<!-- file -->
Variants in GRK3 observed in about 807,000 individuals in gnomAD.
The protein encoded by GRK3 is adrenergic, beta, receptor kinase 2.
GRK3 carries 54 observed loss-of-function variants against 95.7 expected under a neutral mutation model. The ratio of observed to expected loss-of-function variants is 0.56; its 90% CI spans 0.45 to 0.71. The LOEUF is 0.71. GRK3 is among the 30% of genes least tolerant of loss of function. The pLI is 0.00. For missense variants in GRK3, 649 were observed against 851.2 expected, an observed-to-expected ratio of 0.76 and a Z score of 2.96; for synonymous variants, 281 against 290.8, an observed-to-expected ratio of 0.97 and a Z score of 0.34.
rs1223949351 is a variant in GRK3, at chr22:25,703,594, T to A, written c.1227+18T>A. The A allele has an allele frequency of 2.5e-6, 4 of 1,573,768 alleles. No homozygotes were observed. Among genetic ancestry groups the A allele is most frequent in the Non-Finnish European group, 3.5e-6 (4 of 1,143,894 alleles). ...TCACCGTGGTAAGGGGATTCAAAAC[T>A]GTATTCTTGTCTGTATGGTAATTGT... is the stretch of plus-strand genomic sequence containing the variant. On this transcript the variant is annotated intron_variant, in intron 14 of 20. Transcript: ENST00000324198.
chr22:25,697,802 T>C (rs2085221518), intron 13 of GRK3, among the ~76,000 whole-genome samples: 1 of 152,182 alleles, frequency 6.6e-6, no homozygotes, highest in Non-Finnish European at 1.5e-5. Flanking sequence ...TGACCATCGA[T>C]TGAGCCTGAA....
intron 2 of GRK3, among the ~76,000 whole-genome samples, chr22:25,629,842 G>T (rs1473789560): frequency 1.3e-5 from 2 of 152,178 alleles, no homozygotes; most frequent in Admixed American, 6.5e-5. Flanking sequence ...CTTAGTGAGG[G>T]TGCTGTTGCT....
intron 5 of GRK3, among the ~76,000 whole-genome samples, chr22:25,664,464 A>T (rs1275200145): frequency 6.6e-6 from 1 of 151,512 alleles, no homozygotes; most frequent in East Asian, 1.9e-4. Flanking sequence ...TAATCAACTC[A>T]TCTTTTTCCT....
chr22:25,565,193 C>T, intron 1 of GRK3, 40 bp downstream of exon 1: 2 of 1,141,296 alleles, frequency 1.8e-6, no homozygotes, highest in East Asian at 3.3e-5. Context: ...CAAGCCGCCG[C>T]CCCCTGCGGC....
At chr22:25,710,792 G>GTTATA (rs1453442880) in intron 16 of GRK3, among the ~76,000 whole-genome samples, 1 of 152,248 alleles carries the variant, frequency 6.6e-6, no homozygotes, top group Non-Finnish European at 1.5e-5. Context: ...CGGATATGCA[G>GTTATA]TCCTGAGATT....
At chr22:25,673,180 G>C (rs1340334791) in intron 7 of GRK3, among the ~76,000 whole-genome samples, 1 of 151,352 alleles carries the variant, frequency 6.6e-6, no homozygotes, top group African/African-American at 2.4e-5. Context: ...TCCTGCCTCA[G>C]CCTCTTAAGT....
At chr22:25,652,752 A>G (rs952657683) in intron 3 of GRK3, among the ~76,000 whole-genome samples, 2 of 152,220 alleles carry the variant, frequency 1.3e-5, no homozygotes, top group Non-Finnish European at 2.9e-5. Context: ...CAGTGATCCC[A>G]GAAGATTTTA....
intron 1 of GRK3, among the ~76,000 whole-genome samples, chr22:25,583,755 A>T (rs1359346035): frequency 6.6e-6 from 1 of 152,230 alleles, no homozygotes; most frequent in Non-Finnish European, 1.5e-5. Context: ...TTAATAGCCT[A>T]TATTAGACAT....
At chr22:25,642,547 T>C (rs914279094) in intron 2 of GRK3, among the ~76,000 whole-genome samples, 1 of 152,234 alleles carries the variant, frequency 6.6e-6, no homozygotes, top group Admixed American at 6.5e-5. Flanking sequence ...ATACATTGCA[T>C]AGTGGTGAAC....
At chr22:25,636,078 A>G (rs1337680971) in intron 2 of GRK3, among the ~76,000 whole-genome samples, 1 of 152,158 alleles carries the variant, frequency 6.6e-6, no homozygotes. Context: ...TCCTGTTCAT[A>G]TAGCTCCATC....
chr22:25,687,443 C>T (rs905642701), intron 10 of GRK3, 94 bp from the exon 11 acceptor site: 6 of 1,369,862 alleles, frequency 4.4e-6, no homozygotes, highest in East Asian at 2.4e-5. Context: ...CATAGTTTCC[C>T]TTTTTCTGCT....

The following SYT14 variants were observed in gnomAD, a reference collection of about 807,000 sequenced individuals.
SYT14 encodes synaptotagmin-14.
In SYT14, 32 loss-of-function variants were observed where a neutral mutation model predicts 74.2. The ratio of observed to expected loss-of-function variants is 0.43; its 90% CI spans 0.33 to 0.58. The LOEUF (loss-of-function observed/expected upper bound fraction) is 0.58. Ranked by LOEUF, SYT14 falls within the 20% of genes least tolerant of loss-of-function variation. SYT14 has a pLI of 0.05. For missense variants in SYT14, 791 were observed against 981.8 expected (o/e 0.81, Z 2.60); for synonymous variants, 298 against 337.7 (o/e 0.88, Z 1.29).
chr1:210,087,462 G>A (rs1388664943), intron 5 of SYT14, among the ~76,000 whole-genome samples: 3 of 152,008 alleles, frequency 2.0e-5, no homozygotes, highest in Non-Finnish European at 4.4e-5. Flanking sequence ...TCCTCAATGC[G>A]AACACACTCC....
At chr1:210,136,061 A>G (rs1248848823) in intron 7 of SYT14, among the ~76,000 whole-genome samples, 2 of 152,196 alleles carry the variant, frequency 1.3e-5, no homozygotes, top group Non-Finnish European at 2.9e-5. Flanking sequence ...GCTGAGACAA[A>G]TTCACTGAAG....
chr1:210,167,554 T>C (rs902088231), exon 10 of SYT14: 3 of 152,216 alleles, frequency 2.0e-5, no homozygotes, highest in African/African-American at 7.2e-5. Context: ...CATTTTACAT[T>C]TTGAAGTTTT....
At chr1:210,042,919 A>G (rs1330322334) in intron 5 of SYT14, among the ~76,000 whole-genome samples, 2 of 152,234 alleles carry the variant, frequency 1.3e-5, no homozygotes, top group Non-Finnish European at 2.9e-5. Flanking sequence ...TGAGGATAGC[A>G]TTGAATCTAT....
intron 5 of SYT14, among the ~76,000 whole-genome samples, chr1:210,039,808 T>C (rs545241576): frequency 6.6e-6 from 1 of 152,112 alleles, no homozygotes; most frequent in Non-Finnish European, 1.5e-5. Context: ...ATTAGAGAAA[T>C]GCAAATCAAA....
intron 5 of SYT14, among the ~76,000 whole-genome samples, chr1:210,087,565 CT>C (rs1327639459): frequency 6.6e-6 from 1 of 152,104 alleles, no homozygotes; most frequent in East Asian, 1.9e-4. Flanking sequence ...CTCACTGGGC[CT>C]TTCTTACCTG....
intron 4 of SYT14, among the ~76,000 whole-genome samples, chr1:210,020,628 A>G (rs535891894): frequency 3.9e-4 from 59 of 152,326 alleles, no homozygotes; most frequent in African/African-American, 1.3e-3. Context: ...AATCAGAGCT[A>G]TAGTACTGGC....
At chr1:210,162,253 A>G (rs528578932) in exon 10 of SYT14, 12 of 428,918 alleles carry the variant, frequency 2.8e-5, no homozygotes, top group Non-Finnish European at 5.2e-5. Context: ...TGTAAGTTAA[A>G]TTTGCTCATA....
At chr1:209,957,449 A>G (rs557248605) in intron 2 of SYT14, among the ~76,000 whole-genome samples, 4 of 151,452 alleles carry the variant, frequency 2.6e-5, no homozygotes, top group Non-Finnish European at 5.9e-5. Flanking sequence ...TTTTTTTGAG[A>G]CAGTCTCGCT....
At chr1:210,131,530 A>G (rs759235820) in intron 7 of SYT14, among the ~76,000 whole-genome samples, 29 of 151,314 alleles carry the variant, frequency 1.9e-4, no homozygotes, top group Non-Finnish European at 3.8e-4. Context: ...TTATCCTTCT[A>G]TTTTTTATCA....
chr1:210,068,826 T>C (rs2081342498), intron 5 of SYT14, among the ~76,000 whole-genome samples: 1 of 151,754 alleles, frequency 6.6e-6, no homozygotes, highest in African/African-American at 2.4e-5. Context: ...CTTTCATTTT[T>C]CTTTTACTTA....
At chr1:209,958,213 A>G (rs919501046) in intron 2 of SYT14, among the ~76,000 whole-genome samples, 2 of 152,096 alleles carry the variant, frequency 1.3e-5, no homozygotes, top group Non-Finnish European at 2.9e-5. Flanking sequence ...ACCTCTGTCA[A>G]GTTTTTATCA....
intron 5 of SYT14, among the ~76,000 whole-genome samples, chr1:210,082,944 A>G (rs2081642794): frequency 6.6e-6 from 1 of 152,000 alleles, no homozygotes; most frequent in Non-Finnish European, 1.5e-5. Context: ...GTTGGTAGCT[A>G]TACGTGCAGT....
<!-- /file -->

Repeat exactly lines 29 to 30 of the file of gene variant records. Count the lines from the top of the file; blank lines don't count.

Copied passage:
chr1:210,068,826 T>C (rs2081342498), intron 5 of SYT14, among the ~76,000 whole-genome samples: 1 of 151,754 alleles, frequency 6.6e-6, no homozygotes, highest in African/African-American at 2.4e-5. Context: ...CTTTCATTTT[T>C]CTTTTACTTA....
At chr1:209,958,213 A>G (rs919501046) in intron 2 of SYT14, among the ~76,000 whole-genome samples, 2 of 152,096 alleles carry the variant, frequency 1.3e-5, no homozygotes, top group Non-Finnish European at 2.9e-5. Flanking sequence ...ACCTCTGTCA[A>G]GTTTTTATCA....